WASHINGTON, D.C. — A deeply divided Senate pushed Brett Kavanaugh’s Supreme Court nomination past a key procedural hurdle Friday, setting up a likely final showdown this weekend.

The Senate voted 51-49 to limit debate, effectively defeating Democratic efforts to scuttle the nomination with endless delays. With Republicans clinging to a two-vote majority, one Republican voted to stop the nomination, one Democrat to send it further.

Republican Sen. Susan Collins of Maine, one of the moderate senators being watched for her vote, says she would vote to advance Kavanaugh.

Collins took the floor Friday afternoon.

She says the Kavanaugh process has been "more like a caricature of a gutter level political campaign than a solemn occasion."

On Dr. Christine Blasey Ford, Collins said: "I found her testimony to be sincere, painful and compelling. I believe that she is a survivor of a sexual assault and that this trauma has upended her life."

Collins confirmed Friday afternoon that she will vote to confirm Kavanaugh.

Before the full Senate made its vote on Kavanaugh, the judge spoke out for the first time following last week's hearing.

President Donald Trump's Supreme Court nominee wrote an op-ed in Friday morning's Wall Street Journal, describing himself as an "Independent, impartial judge" and admits he "might have been too emotional" during his testimony last week.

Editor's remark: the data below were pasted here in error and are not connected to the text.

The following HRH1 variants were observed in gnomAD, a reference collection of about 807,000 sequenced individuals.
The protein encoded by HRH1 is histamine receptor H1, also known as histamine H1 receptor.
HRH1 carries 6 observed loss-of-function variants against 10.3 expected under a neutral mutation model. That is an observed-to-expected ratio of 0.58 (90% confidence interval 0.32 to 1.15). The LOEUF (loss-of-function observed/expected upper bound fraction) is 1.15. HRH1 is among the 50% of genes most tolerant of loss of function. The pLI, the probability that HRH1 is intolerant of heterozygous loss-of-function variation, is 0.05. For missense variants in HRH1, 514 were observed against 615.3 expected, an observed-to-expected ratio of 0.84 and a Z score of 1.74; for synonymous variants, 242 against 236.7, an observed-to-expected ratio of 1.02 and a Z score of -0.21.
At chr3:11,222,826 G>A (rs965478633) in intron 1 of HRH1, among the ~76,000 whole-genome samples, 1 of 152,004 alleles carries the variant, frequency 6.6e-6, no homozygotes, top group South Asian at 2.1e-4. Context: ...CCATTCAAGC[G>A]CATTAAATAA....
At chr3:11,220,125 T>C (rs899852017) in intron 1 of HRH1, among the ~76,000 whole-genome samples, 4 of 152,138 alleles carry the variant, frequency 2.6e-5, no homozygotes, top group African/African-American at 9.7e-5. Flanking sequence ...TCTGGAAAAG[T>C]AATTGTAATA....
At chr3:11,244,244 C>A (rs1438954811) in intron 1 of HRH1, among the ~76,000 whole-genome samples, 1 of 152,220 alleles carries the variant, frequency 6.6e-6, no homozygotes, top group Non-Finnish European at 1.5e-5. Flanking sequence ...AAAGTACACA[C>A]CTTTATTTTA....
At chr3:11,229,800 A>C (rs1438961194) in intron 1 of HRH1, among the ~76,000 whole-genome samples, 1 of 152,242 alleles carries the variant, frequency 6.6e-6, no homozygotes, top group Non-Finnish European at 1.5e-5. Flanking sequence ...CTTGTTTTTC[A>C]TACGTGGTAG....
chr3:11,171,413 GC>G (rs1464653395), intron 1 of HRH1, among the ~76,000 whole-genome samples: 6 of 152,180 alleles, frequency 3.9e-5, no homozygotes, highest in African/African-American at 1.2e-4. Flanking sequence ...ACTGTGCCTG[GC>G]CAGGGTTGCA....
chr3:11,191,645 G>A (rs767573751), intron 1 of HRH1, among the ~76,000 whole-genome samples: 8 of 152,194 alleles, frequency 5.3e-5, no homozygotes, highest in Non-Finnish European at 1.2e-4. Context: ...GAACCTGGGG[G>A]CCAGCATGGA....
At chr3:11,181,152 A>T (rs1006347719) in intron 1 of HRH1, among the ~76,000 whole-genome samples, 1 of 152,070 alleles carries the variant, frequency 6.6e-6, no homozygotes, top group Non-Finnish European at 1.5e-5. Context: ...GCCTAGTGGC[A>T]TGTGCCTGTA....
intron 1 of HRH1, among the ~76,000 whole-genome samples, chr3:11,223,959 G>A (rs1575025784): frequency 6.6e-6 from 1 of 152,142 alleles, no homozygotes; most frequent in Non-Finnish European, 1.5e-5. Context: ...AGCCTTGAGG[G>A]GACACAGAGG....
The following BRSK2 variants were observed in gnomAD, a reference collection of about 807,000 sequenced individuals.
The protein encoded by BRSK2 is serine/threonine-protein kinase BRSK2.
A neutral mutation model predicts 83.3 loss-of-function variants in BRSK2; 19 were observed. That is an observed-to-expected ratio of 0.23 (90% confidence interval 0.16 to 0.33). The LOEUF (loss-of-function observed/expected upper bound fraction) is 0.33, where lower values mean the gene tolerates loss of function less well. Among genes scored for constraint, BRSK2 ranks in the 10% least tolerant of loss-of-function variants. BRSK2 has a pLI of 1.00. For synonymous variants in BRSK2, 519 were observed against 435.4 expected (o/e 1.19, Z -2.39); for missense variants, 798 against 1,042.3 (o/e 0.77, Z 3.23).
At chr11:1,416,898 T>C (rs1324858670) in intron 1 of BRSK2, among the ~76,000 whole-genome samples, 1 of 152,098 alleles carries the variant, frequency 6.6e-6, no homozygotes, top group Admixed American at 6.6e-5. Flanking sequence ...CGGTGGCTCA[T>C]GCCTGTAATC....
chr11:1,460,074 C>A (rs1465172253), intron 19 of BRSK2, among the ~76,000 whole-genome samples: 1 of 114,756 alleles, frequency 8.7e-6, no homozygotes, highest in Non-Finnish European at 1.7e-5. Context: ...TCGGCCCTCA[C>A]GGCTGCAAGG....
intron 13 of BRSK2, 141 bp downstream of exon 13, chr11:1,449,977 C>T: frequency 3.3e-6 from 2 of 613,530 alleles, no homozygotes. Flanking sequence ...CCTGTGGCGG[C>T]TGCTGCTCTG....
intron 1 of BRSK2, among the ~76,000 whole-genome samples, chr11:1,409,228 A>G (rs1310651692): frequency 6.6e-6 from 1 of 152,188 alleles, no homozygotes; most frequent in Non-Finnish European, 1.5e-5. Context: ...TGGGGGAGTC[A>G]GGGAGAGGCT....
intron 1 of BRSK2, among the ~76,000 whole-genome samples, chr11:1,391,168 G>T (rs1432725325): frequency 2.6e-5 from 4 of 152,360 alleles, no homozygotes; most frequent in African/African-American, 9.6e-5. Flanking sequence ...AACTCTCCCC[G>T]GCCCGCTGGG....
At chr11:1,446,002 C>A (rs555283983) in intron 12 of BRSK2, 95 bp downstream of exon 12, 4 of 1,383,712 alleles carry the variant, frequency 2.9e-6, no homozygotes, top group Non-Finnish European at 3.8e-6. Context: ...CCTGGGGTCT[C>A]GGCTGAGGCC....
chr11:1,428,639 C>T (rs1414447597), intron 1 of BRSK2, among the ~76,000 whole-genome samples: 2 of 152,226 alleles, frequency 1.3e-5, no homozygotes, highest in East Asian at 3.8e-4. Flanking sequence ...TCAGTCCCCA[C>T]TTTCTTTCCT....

He and  Ford appeared in front of the Senate Judiciary Committee separately. She had accused him of sexual assault during a party decades ago when they were in high school.

Kavanaugh has repeatedly denied the allegations.

But his testimony last week swayed at least one person, former Supreme Court Justice John Paul Stevens, who says the nominee should be disqualified.

Of the four lawmakers who had not revealed their decisions until Friday, Republican Sens. Collins and Jeff Flake of Arizona voted yes, as did Democrat Joe Manchin of West Virginia. Republican Lisa Murkowski of Alaska voted not to send the nomination to the full Senate.

Lawmakers might vote differently on the climactic confirmation roll call, and Collins told reporters that she wouldn’t rule out doing so. That left unclear whether Friday’s tally signaled that the 53-year-old federal appellate judge was on his way to the nation’s highest court. Confirmation would be a crowning achievement for Trump, his conservative base and Senate Majority Leader Mitch McConnell, R-Ky.

The vote occurred a day after the Senate received a roughly 50-page FBI report on the sexual assault allegations, which Trump ordered only after wavering GOP senators forced him to do so.

Republicans said the secret document — which described interviews agents conducted with 10 witnesses — failed to find anyone who could corroborate allegations by his two chief accusers, Ford and Deborah Ramirez. Democrats belittled the bureau’s findings, saying agents constrained by the White House hadn’t reached out to numerous other people with potentially important information.

The Associated Press contributed to this report.